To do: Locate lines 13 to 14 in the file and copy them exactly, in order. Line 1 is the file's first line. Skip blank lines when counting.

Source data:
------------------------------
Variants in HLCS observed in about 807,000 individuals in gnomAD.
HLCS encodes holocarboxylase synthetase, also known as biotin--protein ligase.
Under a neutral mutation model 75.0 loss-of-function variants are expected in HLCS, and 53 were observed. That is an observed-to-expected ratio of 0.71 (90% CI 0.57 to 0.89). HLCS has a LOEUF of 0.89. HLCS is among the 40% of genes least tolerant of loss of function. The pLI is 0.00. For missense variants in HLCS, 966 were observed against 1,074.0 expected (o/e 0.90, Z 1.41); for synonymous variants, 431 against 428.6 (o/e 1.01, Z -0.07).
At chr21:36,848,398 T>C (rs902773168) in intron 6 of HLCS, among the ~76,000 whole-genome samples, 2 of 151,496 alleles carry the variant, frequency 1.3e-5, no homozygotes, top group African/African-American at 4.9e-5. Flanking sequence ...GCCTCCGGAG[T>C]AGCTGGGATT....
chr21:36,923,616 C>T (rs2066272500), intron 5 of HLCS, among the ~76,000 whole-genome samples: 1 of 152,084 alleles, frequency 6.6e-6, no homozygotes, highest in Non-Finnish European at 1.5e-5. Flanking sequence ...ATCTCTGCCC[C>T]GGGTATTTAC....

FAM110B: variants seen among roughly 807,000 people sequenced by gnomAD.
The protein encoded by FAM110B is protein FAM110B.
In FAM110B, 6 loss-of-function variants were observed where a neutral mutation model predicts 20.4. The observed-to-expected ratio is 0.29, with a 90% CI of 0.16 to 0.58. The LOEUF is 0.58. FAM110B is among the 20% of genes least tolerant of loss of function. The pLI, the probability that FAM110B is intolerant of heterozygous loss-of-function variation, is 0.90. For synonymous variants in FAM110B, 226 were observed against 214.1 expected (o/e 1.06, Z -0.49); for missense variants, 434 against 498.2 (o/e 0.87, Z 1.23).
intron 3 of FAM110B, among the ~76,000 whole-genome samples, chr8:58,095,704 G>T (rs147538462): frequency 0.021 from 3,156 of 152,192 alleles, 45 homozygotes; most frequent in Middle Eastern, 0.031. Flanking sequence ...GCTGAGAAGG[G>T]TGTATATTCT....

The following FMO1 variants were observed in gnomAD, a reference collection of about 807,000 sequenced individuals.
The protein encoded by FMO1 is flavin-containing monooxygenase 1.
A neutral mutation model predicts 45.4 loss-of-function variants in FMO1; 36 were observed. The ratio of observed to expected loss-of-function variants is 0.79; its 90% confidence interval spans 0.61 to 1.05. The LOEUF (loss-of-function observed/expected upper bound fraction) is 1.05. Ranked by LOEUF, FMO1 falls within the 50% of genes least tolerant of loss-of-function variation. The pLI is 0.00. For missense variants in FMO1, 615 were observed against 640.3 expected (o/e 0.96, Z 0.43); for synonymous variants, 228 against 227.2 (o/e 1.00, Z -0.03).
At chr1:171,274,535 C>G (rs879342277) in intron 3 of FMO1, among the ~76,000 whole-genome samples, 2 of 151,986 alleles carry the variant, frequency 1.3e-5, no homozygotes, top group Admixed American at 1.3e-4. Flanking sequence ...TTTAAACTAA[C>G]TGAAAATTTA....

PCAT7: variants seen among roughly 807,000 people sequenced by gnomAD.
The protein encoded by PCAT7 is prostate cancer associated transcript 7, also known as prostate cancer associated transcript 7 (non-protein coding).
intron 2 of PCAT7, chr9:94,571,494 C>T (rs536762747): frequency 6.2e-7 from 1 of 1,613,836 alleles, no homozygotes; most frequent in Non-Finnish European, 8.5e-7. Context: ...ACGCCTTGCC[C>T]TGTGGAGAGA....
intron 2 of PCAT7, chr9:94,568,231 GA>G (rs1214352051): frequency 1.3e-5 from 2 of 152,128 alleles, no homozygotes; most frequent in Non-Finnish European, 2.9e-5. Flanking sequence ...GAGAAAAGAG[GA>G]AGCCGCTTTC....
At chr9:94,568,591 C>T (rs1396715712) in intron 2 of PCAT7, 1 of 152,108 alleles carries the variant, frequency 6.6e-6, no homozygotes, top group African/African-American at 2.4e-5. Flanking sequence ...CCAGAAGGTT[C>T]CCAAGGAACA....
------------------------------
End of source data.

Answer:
At chr1:171,274,535 C>G (rs879342277) in intron 3 of FMO1, among the ~76,000 whole-genome samples, 2 of 151,986 alleles carry the variant, frequency 1.3e-5, no homozygotes, top group Admixed American at 1.3e-4. Flanking sequence ...TTTAAACTAA[C>G]TGAAAATTTA....

PCAT7: variants seen among roughly 807,000 people sequenced by gnomAD.